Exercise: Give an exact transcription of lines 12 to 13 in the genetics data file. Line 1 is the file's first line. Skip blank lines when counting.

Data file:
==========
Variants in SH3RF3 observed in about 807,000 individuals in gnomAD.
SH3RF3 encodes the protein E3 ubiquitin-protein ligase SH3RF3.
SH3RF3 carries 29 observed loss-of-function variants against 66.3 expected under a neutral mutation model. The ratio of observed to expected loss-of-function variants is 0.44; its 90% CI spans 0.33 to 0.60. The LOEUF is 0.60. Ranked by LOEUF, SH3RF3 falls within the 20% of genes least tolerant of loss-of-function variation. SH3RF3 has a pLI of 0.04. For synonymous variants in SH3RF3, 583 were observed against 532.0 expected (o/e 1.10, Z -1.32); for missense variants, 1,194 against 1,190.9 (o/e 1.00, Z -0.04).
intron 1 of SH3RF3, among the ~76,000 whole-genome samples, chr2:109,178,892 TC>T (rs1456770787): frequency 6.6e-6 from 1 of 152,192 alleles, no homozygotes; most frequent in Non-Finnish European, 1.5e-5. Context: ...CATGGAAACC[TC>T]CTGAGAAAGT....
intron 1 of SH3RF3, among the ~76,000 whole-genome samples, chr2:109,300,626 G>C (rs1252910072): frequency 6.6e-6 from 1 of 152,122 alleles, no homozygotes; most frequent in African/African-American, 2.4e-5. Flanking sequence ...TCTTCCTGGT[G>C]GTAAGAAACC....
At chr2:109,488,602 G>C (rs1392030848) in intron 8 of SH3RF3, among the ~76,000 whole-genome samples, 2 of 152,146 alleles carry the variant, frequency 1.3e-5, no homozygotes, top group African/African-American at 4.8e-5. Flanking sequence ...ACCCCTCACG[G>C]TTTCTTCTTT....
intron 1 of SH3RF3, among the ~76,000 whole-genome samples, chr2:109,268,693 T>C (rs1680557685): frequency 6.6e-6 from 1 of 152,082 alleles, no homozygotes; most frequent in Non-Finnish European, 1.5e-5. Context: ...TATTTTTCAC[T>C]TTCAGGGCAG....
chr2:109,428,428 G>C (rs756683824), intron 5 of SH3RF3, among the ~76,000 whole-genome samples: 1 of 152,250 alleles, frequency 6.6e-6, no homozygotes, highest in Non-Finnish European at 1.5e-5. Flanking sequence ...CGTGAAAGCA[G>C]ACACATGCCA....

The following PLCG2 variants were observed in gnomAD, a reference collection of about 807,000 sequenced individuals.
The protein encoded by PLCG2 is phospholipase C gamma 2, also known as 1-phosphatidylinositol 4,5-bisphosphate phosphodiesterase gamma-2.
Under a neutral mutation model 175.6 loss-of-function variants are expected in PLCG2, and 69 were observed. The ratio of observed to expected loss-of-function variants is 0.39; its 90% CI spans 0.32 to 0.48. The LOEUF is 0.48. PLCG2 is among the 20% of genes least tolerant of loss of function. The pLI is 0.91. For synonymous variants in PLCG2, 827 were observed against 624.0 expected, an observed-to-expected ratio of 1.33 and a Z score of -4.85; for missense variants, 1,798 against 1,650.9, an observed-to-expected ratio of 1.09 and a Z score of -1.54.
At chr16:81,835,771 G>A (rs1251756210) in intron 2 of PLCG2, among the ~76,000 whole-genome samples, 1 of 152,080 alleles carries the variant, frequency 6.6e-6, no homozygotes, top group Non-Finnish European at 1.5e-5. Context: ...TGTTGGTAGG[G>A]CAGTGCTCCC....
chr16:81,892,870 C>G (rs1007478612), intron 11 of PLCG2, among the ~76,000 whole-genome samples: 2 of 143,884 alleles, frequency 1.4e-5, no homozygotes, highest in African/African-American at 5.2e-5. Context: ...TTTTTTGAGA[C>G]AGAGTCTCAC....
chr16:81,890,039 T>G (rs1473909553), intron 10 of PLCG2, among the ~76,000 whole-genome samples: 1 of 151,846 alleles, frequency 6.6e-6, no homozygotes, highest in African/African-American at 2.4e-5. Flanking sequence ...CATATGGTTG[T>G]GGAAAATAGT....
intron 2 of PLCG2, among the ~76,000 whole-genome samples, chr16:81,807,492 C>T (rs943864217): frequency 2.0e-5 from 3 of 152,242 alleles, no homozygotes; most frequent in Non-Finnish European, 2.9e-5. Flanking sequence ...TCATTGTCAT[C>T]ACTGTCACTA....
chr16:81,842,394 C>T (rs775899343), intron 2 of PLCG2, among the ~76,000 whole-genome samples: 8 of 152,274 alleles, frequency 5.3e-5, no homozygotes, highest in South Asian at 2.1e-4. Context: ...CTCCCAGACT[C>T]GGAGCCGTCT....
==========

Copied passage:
At chr16:81,835,771 G>A (rs1251756210) in intron 2 of PLCG2, among the ~76,000 whole-genome samples, 1 of 152,080 alleles carries the variant, frequency 6.6e-6, no homozygotes, top group Non-Finnish European at 1.5e-5. Context: ...TGTTGGTAGG[G>A]CAGTGCTCCC....
chr16:81,892,870 C>G (rs1007478612), intron 11 of PLCG2, among the ~76,000 whole-genome samples: 2 of 143,884 alleles, frequency 1.4e-5, no homozygotes, highest in African/African-American at 5.2e-5. Context: ...TTTTTTGAGA[C>G]AGAGTCTCAC....